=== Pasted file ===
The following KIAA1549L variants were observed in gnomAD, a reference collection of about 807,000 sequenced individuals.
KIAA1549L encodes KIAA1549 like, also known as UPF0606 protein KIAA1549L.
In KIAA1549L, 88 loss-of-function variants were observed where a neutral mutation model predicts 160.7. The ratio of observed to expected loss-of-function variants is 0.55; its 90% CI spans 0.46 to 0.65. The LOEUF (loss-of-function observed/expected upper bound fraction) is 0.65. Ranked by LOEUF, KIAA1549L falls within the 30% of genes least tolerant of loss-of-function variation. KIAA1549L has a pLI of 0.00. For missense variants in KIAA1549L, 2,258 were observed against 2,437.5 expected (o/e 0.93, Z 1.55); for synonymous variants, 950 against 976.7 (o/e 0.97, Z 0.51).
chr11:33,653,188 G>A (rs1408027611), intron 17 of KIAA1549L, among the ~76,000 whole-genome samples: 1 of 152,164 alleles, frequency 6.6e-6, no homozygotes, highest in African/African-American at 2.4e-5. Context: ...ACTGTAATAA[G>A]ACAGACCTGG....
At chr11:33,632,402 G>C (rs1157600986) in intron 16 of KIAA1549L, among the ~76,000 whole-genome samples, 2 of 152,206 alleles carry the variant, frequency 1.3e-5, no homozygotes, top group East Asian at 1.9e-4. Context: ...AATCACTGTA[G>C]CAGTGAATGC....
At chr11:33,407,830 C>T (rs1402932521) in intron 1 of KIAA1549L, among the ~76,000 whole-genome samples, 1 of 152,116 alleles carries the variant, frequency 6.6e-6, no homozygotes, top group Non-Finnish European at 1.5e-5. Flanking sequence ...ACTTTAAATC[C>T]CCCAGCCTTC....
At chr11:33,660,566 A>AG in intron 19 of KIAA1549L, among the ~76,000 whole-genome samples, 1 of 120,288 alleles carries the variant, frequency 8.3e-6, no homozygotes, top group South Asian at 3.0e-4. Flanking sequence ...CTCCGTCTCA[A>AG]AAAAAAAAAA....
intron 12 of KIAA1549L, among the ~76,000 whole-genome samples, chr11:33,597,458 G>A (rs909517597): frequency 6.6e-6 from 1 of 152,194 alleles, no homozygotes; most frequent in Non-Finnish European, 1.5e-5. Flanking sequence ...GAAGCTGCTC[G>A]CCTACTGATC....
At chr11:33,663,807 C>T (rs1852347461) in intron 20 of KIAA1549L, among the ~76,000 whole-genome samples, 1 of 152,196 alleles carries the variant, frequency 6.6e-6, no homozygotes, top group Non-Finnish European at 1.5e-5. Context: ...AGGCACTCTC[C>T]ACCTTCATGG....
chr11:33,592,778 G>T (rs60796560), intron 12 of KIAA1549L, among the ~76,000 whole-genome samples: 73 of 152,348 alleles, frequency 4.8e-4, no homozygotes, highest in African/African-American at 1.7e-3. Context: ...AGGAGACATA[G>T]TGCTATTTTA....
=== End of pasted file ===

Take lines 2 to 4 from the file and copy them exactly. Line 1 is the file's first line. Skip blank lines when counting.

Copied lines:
KIAA1549L encodes KIAA1549 like, also known as UPF0606 protein KIAA1549L.
In KIAA1549L, 88 loss-of-function variants were observed where a neutral mutation model predicts 160.7. The ratio of observed to expected loss-of-function variants is 0.55; its 90% CI spans 0.46 to 0.65. The LOEUF (loss-of-function observed/expected upper bound fraction) is 0.65. Ranked by LOEUF, KIAA1549L falls within the 30% of genes least tolerant of loss-of-function variation. KIAA1549L has a pLI of 0.00. For missense variants in KIAA1549L, 2,258 were observed against 2,437.5 expected (o/e 0.93, Z 1.55); for synonymous variants, 950 against 976.7 (o/e 0.97, Z 0.51).
chr11:33,653,188 G>A (rs1408027611), intron 17 of KIAA1549L, among the ~76,000 whole-genome samples: 1 of 152,164 alleles, frequency 6.6e-6, no homozygotes, highest in African/African-American at 2.4e-5. Context: ...ACTGTAATAA[G>A]ACAGACCTGG....